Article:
1. \begin{align*}\sin \theta=\frac{8}{17},0 < \theta < \frac{\pi}{2}\end{align*}
  2. \begin{align*}\cos \theta=- \frac{5}{6}, \frac{\pi}{2} < \theta < \pi\end{align*}
  3. \begin{align*}\tan \theta= \frac{\sqrt{3}}{4},0 < \theta < \frac{\pi}{2}\end{align*}
  4. \begin{align*}\sec \theta=- \frac{41}{9}, \pi < \theta < \frac{3 \pi}{2}\end{align*}
  5. \begin{align*}\sin \theta=- \frac{11}{14}, \frac{3 \pi}{2} < \theta < 2 \pi\end{align*}
  6. \begin{align*}\cos \theta=\frac{2 \sqrt{2}}{4},0 < \theta < \frac{\pi}{2}\end{align*}
  7. \begin{align*}\cot \theta=- \sqrt{5}, \pi < \theta < \frac{3 \pi}{2}\end{align*}
  8. \begin{align*}\csc \theta=4, \frac{\pi}{2} < \theta < \pi\end{align*}
  9. \begin{align*}\tan \theta=- \frac{7}{10}, \frac{3 \pi}{2} < \theta < 2 \pi\end{align*}
  10. Aside from using the identities, how else can you find the values of the other five trigonometric functions?
  11. Given that \begin{align*}\cos \theta=\frac{6}{11}\end{align*} and \begin{align*}\theta\end{align*} is in the \begin{align*}2^{nd}\end{align*} quadrant, what is \begin{align*}\sin(- \theta)\end{align*}?
  12. Given that \begin{align*}\tan \theta=- \frac{5}{8}\end{align*} and \begin{align*}\theta\end{align*} is in the \begin{align*}4^{th}\end{align*} quadrant, what is \begin{align*}\sec(- \theta)\end{align*}?

Simplifying Trigonometric Expressions


Here you'll use the basic trig identities to simplify more complicated expressions.


Now that you are more familiar with trig identities, we can use them to simplify expressions. Remember, that you can use any of the identities in the Introduction to Trig Identities concept. Here is a list of the identities again:

Reciprocal Identities: \begin{align*}\csc \theta=\frac{1}{\sin \theta}, \sec \theta=\frac{1}{\cos \theta},\end{align*} and \begin{align*}\cot \theta=\frac{1}{\tan \theta}\end{align*}

Tangent and Cotangent Identities: \begin{align*}\tan \theta=\frac{\sin \theta}{\cos \theta}\end{align*} and \begin{align*}\cot \theta=\frac{\cos \theta}{\sin \theta}\end{align*}

Pythagorean Identities: \begin{align*}\sin^2 \theta+ \cos^2 \theta=1, 1+ \tan^2 \theta=\sec^2 \theta,\end{align*} and \begin{align*}1+ \cot^2 \theta=\csc^2 \theta\end{align*}

Cofunction Identities: \begin{align*}\sin \left(\frac{\pi}{2} - \theta\right)=\cos \theta, \cos \left(\frac{\pi}{2} - \theta\right)=\sin \theta,\end{align*} and \begin{align*}\tan \left(\frac{\pi}{2} - \theta\right)=\cot \theta\end{align*}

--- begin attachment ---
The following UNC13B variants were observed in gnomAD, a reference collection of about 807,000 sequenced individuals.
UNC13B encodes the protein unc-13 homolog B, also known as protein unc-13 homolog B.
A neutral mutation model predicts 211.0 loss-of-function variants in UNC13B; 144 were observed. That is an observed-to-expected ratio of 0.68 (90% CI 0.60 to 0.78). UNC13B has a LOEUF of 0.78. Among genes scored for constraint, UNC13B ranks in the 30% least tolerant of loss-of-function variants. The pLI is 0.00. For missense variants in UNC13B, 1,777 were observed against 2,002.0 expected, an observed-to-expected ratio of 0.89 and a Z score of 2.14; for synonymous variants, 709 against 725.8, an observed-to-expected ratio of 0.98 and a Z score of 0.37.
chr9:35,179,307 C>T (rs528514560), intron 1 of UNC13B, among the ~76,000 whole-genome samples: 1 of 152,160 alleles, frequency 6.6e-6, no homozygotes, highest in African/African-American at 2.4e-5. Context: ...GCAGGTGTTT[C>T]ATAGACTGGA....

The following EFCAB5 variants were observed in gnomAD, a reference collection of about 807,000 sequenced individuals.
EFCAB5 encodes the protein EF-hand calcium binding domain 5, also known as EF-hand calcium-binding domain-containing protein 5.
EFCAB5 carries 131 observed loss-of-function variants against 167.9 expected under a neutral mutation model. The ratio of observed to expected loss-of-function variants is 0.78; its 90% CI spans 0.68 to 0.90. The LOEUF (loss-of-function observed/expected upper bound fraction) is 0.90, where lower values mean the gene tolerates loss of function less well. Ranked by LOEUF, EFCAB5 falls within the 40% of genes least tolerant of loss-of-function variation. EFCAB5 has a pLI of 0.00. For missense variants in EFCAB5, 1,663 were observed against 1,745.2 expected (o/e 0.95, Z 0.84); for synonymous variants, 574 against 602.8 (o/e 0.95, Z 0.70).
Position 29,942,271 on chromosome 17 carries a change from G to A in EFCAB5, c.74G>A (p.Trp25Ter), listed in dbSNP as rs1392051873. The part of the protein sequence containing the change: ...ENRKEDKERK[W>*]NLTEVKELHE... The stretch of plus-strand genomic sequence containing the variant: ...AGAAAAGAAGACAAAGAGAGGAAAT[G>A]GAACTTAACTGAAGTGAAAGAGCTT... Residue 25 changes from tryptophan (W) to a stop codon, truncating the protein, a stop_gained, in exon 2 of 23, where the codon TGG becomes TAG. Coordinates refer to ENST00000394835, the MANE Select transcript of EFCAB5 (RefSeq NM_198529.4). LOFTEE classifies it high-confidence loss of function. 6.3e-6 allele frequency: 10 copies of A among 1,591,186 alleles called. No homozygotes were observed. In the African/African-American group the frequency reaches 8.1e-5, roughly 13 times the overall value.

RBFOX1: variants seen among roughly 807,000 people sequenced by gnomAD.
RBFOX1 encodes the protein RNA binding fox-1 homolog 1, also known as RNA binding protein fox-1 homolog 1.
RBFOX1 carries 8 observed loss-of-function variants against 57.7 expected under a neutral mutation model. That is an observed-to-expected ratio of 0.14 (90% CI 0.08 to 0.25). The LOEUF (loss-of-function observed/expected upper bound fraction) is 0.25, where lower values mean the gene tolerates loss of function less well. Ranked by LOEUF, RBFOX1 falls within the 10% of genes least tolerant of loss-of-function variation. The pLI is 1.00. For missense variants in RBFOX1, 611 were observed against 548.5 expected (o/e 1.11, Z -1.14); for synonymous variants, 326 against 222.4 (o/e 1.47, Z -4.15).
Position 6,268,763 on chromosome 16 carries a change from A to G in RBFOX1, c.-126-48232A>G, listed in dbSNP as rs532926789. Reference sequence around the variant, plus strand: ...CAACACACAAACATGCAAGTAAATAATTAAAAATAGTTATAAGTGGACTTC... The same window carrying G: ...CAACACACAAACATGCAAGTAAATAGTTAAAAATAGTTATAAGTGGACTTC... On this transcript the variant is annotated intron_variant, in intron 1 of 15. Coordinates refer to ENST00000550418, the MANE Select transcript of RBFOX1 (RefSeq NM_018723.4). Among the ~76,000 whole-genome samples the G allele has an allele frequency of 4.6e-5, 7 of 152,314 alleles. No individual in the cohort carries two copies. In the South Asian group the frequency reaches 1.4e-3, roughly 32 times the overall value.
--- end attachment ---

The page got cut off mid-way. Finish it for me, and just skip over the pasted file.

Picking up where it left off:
Negative Angle Identities: \begin{align*}\sin(- \theta)=- \sin \theta, \cos(- \theta)=\cos \theta,\end{align*} and \begin{align*}\tan(- \theta)=- \tan \theta\end{align*}

Example A

Simplify \begin{align*}\frac{\sec x}{\sec x-1}\end{align*}.

Solution: When simplifying trigonometric expressions, one approach is to change everything into sine or cosine. First, we can change secant to cosine using the Reciprocal Identity.

\begin{align*}\frac{\sec x}{\sec x - 1} \rightarrow \frac{\frac{1}{\cos x}}{\frac{1}{\cos x}-1}\end{align*}

Now, combine the denominator into one fraction by multiplying 1 by \begin{align*}\frac{\cos x}{\cos x}\end{align*}.

\begin{align*}\frac{\frac{1}{\cos x}}{\frac{1}{\cos x}-1} \rightarrow \frac{\frac{1}{\cos x}}{\frac{1}{\cos x}- \frac{\cos x}{\cos x}} \rightarrow \frac{\frac{1}{\cos x}}{\frac{1- \cos x}{\cos x}}\end{align*}

Change this problem into a division problem and simplify.

\begin{align*}\frac{\frac{1}{\cos x}}{\frac{1-\cos x}{\cos x}} \rightarrow & \frac{1}{\cos x} \div \frac{1- \cos x}{\cos x} \\ & \frac{1}{\cancel{\cos x}} \cdot \frac{\cancel{\cos x}}{1- \cos x} \\ & \frac{1}{1- \cos x}\end{align*}

Example B

Simplify \begin{align*}\frac{\sin^4x- \cos^4x}{\sin^2x- \cos^2x}\end{align*}.

Solution: With this problem, we need to factor the numerator and denominator and see if anything cancels. The rules of factoring a quadratic and the special quadratic formulas can be used in this scenario.

\begin{align*}\frac{\sin^4x - \cos^4x}{\sin^2x-\cos^2x} \rightarrow \frac{\cancel{\left(\sin^2x-\cos^2x\right)} \left(\sin^2x+ \cos^2x\right)}{\cancel{\left(\sin^2x-\cos^2x\right)}} \rightarrow \sin^2x+\cos^2x \rightarrow 1\end{align*}

In the last step, we simplified to the left hand side of the Pythagorean Identity. Therefore, this expression simplifies to 1.